• Include cardboard boxes and newspapers as items to be moved to higher ground because these disintegrate and clog drains as soon as flood waters recede.
  • CAUTION: Your roof or upper floor may not be able to safely support additional weight of heavy equipment or furniture so check first.

2.) Anchor, secure or weigh-down any items that may become debris or battering rams in moving water

  • For example, tie furniture and personal items on top of a bed to the bed. Then anchor the bed by tying it to the house structure.

3.) Remove all wood drawers, even empty ones, from built-ins (cabinets) and furniture (dressers). Wood swells when wet and the resulting pressure between the drawers and their containers can damage wood fibers.

4) Remove light bulbs from permanently mounted fixtures below flood level. Put the light bulbs and other glass items in a plastic bag to prevent glass from shattering and spreading.

5.) Protect valuable machinery and equipment that cannot be relocated by enclosing them in waterproof covers (Figure 3-3) or by coating them with water repellent grease. This helps minimize damage and facilitates cleaning and returning them to an operational condition. If practical, consider encircling such equipment with a wall of sandbags.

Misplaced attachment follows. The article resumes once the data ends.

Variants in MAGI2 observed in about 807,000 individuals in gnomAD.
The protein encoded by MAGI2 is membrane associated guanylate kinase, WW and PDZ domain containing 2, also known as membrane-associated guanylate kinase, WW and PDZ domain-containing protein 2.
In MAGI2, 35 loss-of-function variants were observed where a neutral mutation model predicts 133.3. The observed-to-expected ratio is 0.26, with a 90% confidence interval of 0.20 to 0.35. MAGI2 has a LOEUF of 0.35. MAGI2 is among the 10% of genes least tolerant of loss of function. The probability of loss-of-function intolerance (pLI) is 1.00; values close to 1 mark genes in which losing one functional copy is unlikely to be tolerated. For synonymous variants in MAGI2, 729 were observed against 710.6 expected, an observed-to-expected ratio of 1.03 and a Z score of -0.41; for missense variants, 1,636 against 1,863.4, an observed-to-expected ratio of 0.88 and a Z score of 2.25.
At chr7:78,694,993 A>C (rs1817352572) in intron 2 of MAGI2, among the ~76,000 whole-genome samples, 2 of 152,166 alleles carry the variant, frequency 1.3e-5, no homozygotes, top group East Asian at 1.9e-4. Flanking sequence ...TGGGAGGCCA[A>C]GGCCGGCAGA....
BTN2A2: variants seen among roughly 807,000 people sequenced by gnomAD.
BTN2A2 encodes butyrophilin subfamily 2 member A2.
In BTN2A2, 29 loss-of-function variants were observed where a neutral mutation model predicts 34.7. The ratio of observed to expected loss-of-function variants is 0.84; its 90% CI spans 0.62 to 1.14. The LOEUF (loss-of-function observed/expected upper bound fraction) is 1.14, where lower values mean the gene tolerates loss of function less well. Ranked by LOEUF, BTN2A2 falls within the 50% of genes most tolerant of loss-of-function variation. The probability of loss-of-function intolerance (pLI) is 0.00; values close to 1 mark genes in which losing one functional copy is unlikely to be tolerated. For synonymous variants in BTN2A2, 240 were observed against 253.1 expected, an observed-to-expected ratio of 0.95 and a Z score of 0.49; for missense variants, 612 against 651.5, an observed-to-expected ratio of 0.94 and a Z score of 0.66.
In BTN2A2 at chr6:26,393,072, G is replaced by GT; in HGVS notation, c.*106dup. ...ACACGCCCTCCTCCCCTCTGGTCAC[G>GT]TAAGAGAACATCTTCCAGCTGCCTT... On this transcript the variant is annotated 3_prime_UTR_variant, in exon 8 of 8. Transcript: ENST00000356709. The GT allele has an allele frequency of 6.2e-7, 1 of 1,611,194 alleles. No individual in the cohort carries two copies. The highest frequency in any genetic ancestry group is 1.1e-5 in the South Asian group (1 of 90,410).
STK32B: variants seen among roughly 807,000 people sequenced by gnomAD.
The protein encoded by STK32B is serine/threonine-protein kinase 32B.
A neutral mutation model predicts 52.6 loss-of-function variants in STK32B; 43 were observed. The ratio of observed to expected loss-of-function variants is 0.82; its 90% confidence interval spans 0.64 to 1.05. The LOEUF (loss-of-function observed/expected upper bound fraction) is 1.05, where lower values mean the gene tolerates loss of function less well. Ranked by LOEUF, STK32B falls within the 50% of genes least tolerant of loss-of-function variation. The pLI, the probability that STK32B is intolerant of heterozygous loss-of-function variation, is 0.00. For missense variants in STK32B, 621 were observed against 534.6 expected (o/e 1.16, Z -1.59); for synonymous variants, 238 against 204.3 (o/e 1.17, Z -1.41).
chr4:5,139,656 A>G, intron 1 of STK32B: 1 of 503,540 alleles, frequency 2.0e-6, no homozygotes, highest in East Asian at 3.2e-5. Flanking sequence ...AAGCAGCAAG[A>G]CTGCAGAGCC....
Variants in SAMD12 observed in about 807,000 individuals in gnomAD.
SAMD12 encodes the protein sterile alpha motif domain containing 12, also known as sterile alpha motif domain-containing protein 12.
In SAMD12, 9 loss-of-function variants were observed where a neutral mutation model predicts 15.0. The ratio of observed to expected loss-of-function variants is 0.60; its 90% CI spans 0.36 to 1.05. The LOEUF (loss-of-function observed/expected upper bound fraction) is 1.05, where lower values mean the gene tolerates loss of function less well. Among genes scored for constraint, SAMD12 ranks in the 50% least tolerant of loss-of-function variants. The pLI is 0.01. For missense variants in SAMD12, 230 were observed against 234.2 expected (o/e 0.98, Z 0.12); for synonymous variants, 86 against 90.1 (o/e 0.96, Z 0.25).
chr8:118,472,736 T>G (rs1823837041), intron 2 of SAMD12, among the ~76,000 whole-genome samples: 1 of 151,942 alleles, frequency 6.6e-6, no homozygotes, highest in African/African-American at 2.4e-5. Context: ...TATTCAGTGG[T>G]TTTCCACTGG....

6.) Relocate chemicals that react with water to give off heat or form explosives and/or toxic gases and ensure that they are in waterproof containers. This will prevent safety hazards, pollution or damage to materials in your home.

7.) Remove and dispose of perishable food items in cabinets, refrigerators and indoor trash cans or place in plastic bags or containers and seal shut. Tie shut and anchor outdoor garbage cans to minimize spread of disease and unsanitary conditions. Tie down loose items in the yard to prevent them from being carried away by flood water or battered against other items or structures.

8.) If you have a boat, move it in such a way that you can gain access to it easily during the flood.

Return to Top 


Electrical System



01a01bThe flow of electricity in your home is controlled by either plug fuses (Figure 3-1) or circuit breakers (Figure 3-2) located within a panel board mounted on the wall.